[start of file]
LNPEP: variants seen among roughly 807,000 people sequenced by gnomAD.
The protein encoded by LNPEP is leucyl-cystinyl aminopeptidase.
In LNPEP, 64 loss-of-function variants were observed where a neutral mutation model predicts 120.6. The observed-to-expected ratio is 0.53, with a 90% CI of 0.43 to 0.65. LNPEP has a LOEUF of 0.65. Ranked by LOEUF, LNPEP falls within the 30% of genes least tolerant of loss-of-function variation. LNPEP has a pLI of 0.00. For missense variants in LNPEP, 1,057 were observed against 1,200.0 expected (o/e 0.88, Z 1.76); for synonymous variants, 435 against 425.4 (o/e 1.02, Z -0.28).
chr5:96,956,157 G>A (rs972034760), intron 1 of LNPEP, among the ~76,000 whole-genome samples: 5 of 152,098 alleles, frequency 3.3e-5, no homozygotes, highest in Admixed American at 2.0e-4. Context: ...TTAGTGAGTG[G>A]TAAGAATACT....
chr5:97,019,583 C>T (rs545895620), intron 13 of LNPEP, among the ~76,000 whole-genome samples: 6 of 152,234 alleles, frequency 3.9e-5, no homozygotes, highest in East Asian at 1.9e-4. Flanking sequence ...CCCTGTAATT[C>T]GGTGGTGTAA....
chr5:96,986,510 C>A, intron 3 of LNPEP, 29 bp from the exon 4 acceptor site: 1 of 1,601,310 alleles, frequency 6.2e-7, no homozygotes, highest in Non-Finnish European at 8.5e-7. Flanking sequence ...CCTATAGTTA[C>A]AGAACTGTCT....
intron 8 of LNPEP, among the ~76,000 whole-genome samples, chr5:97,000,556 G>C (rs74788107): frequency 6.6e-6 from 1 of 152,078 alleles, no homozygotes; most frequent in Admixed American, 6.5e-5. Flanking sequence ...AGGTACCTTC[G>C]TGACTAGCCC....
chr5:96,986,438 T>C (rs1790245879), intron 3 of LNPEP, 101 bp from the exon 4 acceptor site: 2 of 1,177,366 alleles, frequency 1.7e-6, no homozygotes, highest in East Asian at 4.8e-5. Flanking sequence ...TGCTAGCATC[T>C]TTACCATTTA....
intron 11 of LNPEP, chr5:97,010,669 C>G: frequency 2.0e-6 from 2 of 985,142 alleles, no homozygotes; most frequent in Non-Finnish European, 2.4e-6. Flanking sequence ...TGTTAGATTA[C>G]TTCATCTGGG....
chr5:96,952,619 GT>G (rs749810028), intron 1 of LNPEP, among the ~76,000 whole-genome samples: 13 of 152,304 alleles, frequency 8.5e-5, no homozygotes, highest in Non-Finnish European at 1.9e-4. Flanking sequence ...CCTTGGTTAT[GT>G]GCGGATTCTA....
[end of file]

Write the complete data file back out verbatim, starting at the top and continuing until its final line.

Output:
LNPEP: variants seen among roughly 807,000 people sequenced by gnomAD.
The protein encoded by LNPEP is leucyl-cystinyl aminopeptidase.
In LNPEP, 64 loss-of-function variants were observed where a neutral mutation model predicts 120.6. The observed-to-expected ratio is 0.53, with a 90% CI of 0.43 to 0.65. LNPEP has a LOEUF of 0.65. Ranked by LOEUF, LNPEP falls within the 30% of genes least tolerant of loss-of-function variation. LNPEP has a pLI of 0.00. For missense variants in LNPEP, 1,057 were observed against 1,200.0 expected (o/e 0.88, Z 1.76); for synonymous variants, 435 against 425.4 (o/e 1.02, Z -0.28).
chr5:96,956,157 G>A (rs972034760), intron 1 of LNPEP, among the ~76,000 whole-genome samples: 5 of 152,098 alleles, frequency 3.3e-5, no homozygotes, highest in Admixed American at 2.0e-4. Context: ...TTAGTGAGTG[G>A]TAAGAATACT....
chr5:97,019,583 C>T (rs545895620), intron 13 of LNPEP, among the ~76,000 whole-genome samples: 6 of 152,234 alleles, frequency 3.9e-5, no homozygotes, highest in East Asian at 1.9e-4. Flanking sequence ...CCCTGTAATT[C>T]GGTGGTGTAA....
chr5:96,986,510 C>A, intron 3 of LNPEP, 29 bp from the exon 4 acceptor site: 1 of 1,601,310 alleles, frequency 6.2e-7, no homozygotes, highest in Non-Finnish European at 8.5e-7. Flanking sequence ...CCTATAGTTA[C>A]AGAACTGTCT....
intron 8 of LNPEP, among the ~76,000 whole-genome samples, chr5:97,000,556 G>C (rs74788107): frequency 6.6e-6 from 1 of 152,078 alleles, no homozygotes; most frequent in Admixed American, 6.5e-5. Flanking sequence ...AGGTACCTTC[G>C]TGACTAGCCC....
chr5:96,986,438 T>C (rs1790245879), intron 3 of LNPEP, 101 bp from the exon 4 acceptor site: 2 of 1,177,366 alleles, frequency 1.7e-6, no homozygotes, highest in East Asian at 4.8e-5. Flanking sequence ...TGCTAGCATC[T>C]TTACCATTTA....
intron 11 of LNPEP, chr5:97,010,669 C>G: frequency 2.0e-6 from 2 of 985,142 alleles, no homozygotes; most frequent in Non-Finnish European, 2.4e-6. Flanking sequence ...TGTTAGATTA[C>G]TTCATCTGGG....
chr5:96,952,619 GT>G (rs749810028), intron 1 of LNPEP, among the ~76,000 whole-genome samples: 13 of 152,304 alleles, frequency 8.5e-5, no homozygotes, highest in Non-Finnish European at 1.9e-4. Flanking sequence ...CCTTGGTTAT[GT>G]GCGGATTCTA....